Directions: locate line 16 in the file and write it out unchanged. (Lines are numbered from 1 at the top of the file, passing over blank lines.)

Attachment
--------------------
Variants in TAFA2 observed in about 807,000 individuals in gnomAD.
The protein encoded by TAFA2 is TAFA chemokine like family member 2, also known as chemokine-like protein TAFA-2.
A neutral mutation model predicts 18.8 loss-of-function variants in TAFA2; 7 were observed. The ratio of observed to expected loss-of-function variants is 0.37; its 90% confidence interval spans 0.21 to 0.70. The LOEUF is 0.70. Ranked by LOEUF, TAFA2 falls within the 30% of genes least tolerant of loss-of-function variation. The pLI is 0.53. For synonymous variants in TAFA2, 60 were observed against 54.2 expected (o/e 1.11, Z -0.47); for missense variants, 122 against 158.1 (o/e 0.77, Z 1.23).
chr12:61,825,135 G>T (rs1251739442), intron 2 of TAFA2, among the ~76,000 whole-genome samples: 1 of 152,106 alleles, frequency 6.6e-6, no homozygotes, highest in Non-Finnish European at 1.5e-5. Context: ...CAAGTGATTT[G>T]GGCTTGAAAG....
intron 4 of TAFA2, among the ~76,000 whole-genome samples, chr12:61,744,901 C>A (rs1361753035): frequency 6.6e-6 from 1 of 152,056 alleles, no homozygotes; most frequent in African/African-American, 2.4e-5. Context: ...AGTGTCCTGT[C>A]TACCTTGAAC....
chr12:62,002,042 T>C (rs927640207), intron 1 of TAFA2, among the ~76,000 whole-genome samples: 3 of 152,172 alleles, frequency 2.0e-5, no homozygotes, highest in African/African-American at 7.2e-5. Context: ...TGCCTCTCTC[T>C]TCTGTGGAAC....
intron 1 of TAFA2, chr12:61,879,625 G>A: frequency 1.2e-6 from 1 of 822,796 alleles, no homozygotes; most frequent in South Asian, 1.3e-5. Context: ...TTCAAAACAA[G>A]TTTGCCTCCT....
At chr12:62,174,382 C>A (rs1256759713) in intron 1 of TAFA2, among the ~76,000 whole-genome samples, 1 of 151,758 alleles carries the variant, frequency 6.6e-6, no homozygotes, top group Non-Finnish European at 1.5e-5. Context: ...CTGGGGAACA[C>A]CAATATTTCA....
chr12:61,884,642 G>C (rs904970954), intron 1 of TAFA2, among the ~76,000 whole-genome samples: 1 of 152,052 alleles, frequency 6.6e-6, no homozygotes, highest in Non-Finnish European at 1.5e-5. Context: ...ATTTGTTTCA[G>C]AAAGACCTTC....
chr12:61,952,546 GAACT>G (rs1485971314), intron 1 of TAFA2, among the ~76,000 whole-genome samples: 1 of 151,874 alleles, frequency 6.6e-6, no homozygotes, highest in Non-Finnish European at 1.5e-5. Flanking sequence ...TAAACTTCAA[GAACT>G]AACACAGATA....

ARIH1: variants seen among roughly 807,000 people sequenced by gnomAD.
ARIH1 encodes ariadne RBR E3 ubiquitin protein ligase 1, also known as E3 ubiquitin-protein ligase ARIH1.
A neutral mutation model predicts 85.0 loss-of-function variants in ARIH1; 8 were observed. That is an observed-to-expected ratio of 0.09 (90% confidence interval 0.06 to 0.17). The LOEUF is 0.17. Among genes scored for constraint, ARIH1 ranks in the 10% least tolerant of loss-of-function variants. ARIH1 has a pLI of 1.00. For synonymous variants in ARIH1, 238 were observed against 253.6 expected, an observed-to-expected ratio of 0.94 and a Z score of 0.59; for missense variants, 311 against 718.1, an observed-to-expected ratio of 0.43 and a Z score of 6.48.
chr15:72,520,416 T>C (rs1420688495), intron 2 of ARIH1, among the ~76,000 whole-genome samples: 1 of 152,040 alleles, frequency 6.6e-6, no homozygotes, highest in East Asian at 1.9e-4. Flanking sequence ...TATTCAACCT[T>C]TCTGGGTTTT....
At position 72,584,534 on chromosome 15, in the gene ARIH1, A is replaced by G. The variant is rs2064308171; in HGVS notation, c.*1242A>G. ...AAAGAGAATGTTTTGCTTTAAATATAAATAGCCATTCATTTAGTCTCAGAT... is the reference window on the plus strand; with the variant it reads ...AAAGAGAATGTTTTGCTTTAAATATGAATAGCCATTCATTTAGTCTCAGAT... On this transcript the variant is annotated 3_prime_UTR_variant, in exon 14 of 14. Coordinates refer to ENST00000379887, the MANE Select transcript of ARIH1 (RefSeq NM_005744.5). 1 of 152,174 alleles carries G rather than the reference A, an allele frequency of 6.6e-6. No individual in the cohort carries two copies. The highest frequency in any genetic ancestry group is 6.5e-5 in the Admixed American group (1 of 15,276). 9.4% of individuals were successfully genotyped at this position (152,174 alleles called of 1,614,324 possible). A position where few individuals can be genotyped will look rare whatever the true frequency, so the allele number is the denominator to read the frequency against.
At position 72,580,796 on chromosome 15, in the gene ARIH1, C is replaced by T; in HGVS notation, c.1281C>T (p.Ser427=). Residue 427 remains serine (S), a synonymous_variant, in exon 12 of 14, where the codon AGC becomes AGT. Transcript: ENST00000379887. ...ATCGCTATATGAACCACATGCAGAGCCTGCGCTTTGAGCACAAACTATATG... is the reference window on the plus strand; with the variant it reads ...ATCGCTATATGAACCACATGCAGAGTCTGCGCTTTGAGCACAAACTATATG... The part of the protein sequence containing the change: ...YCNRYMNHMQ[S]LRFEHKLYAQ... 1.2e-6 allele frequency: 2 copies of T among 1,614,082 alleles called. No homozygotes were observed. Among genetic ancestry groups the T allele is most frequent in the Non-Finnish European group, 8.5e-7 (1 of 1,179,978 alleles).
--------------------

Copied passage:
At position 72,580,796 on chromosome 15, in the gene ARIH1, C is replaced by T; in HGVS notation, c.1281C>T (p.Ser427=). Residue 427 remains serine (S), a synonymous_variant, in exon 12 of 14, where the codon AGC becomes AGT. Transcript: ENST00000379887. ...ATCGCTATATGAACCACATGCAGAGCCTGCGCTTTGAGCACAAACTATATG... is the reference window on the plus strand; with the variant it reads ...ATCGCTATATGAACCACATGCAGAGTCTGCGCTTTGAGCACAAACTATATG... The part of the protein sequence containing the change: ...YCNRYMNHMQ[S]LRFEHKLYAQ... 1.2e-6 allele frequency: 2 copies of T among 1,614,082 alleles called. No homozygotes were observed. Among genetic ancestry groups the T allele is most frequent in the Non-Finnish European group, 8.5e-7 (1 of 1,179,978 alleles).